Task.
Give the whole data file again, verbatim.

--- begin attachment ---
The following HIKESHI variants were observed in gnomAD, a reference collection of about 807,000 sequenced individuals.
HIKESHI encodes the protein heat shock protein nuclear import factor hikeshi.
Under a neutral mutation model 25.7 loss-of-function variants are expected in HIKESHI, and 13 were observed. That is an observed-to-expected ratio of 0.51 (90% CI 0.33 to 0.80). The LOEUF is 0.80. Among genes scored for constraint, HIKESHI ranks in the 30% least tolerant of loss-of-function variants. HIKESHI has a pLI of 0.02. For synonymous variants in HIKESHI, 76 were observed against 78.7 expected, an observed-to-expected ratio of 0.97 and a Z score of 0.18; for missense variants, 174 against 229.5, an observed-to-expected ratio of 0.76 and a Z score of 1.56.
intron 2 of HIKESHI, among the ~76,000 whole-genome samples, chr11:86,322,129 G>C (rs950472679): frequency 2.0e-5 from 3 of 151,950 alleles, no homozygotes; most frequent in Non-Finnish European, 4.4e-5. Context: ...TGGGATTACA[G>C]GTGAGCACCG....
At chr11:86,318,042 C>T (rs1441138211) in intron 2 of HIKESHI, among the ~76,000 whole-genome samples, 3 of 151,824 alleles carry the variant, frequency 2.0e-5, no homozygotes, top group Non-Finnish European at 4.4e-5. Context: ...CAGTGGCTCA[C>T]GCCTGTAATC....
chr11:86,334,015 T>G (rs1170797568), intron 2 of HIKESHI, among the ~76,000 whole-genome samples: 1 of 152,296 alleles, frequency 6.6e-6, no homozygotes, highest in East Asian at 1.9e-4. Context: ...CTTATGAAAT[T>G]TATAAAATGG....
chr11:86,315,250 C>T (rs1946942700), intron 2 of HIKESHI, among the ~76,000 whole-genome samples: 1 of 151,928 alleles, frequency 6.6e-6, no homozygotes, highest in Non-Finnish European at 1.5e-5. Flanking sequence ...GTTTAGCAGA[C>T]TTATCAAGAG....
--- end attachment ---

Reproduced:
The following HIKESHI variants were observed in gnomAD, a reference collection of about 807,000 sequenced individuals.
HIKESHI encodes the protein heat shock protein nuclear import factor hikeshi.
Under a neutral mutation model 25.7 loss-of-function variants are expected in HIKESHI, and 13 were observed. That is an observed-to-expected ratio of 0.51 (90% CI 0.33 to 0.80). The LOEUF is 0.80. Among genes scored for constraint, HIKESHI ranks in the 30% least tolerant of loss-of-function variants. HIKESHI has a pLI of 0.02. For synonymous variants in HIKESHI, 76 were observed against 78.7 expected, an observed-to-expected ratio of 0.97 and a Z score of 0.18; for missense variants, 174 against 229.5, an observed-to-expected ratio of 0.76 and a Z score of 1.56.
intron 2 of HIKESHI, among the ~76,000 whole-genome samples, chr11:86,322,129 G>C (rs950472679): frequency 2.0e-5 from 3 of 151,950 alleles, no homozygotes; most frequent in Non-Finnish European, 4.4e-5. Context: ...TGGGATTACA[G>C]GTGAGCACCG....
At chr11:86,318,042 C>T (rs1441138211) in intron 2 of HIKESHI, among the ~76,000 whole-genome samples, 3 of 151,824 alleles carry the variant, frequency 2.0e-5, no homozygotes, top group Non-Finnish European at 4.4e-5. Context: ...CAGTGGCTCA[C>T]GCCTGTAATC....
chr11:86,334,015 T>G (rs1170797568), intron 2 of HIKESHI, among the ~76,000 whole-genome samples: 1 of 152,296 alleles, frequency 6.6e-6, no homozygotes, highest in East Asian at 1.9e-4. Context: ...CTTATGAAAT[T>G]TATAAAATGG....
chr11:86,315,250 C>T (rs1946942700), intron 2 of HIKESHI, among the ~76,000 whole-genome samples: 1 of 151,928 alleles, frequency 6.6e-6, no homozygotes, highest in Non-Finnish European at 1.5e-5. Flanking sequence ...GTTTAGCAGA[C>T]TTATCAAGAG....